By JUDY SHERIDAN
Parker County Commissioners recently awarded a contract for new judicial software to Tyler Technologies and authorized County Attorney John Forrest to negotiate it.
The county will lease, rather than purchase, the software, known as Odyssey. A purchase would have required additional hardware and training to be operated in-house.
The request for proposal analysis — which evaluated both the traditional purchase model and software as a service — showed an estimated cost to the county of $3.1 million for the latter, with about $1.1 million for implementation and about $396,000 per year for the next five years.
Radford said implementation costs would actually be a little less. In addition, about $250,000 — paid to Tyler annually to maintain the current system — would be deducted from the annual costs.
High points of the new system will be ease of use, integration with third party projects, e-filing for attorneys for civil cases, the ability for document scanning for all judicial offices and the ability to automatically create cases for the Department of Public Safety, according to John Galbraith, of Tyler Technologies.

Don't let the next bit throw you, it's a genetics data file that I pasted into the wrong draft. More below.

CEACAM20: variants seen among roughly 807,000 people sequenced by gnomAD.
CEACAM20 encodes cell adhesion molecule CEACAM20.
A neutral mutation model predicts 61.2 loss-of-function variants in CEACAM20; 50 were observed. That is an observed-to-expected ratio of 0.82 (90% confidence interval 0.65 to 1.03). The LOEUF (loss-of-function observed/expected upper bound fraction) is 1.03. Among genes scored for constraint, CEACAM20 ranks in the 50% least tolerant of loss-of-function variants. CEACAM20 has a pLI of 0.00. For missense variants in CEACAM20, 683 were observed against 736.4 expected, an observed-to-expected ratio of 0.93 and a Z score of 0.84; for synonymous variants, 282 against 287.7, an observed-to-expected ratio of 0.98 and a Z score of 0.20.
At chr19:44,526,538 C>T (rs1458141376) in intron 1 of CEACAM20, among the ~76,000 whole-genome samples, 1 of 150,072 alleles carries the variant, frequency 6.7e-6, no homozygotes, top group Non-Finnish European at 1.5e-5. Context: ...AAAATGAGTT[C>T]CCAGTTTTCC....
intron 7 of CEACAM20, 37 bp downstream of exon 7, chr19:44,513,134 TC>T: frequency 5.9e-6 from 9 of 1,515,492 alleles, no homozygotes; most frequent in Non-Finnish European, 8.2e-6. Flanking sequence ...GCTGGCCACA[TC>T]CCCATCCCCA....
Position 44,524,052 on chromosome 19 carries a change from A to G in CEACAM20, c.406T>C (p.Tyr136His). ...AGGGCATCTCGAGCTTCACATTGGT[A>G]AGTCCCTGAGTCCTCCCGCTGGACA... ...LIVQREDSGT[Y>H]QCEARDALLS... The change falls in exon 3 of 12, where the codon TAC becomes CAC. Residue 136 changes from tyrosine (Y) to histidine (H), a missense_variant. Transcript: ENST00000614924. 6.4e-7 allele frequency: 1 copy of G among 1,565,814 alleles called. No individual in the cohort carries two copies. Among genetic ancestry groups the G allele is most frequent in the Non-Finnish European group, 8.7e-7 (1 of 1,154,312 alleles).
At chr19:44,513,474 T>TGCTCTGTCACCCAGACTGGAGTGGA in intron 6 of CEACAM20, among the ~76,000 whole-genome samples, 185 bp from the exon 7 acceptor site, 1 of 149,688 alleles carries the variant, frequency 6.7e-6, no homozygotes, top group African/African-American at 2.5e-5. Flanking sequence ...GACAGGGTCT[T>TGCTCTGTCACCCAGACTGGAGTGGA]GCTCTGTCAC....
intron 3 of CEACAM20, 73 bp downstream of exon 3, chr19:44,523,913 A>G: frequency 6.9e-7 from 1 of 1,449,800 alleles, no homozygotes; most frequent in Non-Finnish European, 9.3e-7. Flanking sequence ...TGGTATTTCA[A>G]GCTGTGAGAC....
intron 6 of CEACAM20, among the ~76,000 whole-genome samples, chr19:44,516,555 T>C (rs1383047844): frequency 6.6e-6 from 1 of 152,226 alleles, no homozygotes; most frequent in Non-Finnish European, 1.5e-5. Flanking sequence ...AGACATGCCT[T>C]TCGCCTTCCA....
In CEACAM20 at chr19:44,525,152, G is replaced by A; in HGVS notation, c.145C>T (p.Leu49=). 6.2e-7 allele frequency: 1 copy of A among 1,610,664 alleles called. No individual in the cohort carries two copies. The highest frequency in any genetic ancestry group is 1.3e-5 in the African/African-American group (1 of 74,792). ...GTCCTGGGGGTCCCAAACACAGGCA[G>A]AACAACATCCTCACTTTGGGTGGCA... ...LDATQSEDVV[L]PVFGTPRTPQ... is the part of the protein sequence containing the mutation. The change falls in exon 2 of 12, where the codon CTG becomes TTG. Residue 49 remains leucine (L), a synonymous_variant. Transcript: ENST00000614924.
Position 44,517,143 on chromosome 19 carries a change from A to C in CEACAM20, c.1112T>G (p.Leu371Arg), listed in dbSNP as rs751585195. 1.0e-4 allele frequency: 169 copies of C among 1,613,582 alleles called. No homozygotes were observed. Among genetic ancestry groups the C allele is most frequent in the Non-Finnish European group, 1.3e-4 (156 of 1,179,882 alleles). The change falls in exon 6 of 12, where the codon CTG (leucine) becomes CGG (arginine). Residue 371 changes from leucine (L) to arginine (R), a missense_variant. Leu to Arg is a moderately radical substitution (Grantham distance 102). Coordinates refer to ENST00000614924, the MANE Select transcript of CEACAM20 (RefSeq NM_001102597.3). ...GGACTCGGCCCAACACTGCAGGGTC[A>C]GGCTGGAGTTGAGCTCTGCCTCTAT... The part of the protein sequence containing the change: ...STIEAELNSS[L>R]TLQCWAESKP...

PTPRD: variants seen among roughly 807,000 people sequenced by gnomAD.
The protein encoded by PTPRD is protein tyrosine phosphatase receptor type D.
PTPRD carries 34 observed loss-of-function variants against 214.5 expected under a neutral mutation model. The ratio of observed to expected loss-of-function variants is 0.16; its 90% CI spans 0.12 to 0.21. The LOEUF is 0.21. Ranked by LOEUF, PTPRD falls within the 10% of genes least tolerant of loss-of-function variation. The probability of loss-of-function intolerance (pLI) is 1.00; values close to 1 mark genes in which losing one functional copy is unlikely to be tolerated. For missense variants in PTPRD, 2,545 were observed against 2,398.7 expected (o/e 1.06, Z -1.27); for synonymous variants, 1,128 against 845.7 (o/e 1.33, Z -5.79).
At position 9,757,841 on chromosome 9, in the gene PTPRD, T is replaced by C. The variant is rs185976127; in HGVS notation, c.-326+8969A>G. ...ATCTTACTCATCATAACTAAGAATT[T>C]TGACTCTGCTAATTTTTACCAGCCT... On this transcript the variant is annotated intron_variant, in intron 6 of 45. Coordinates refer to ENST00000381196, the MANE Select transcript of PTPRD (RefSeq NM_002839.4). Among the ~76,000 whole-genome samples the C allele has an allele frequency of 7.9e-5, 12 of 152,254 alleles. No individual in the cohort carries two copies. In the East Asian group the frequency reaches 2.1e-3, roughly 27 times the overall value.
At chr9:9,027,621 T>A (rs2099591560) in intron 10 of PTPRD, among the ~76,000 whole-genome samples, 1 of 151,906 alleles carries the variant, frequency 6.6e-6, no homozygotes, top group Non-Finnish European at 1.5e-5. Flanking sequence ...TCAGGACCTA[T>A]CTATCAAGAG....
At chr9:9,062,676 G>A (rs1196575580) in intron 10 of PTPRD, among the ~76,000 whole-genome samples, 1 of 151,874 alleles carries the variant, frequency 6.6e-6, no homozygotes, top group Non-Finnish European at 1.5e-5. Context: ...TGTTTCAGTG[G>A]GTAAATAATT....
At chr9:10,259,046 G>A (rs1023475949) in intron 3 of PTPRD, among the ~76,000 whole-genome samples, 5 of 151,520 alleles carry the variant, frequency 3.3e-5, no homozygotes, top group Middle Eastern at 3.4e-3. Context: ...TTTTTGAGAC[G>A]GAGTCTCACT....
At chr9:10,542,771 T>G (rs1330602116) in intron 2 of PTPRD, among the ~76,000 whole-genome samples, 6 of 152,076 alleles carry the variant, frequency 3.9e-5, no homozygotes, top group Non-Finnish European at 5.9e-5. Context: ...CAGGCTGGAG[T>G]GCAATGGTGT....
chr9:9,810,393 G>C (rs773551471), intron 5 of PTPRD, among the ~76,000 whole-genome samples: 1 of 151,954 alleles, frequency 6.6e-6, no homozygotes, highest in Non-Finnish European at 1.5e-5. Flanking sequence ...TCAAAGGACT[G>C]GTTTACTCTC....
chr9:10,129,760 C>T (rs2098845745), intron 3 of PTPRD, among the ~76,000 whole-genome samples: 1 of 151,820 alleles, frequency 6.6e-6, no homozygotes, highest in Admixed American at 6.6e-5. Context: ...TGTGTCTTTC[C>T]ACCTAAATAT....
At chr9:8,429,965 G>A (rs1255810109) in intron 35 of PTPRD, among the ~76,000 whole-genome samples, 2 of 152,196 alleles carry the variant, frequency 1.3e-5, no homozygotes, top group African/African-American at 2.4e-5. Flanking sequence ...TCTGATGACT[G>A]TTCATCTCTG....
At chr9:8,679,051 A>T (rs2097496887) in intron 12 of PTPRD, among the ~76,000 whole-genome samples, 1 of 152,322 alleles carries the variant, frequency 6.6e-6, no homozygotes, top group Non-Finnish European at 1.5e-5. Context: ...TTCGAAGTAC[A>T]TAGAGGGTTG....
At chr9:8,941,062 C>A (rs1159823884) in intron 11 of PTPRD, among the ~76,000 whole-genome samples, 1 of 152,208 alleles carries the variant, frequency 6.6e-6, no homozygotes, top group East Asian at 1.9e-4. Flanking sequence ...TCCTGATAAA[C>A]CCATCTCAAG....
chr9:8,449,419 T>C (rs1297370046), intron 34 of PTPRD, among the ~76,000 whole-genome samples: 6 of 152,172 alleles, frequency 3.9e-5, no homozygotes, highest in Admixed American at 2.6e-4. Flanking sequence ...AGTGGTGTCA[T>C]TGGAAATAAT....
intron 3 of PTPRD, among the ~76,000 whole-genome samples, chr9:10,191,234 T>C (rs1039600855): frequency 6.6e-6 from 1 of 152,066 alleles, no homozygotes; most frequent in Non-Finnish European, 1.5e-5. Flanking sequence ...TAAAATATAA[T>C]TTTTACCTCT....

“We were on the fence, as to whether to go in house or with software as a service,” Information Technology Director Trish Radford told the court. “But I met with the tech people, and now I’m convinced that software as a service is the way Parker County should go.”
Going in house would require adding 16 servers to her office, Radford said, requiring more air conditioning and other changes. The high workload would necessitate hiring another person.
“With software as a service the only thing we’d have to maintain would be one server,” she said. “The [software] images would be here but would also be uploaded to the site in Dallas, like all the other data would be. All the data is backed up in Dallas and then backed up in the state of Maine, every day.”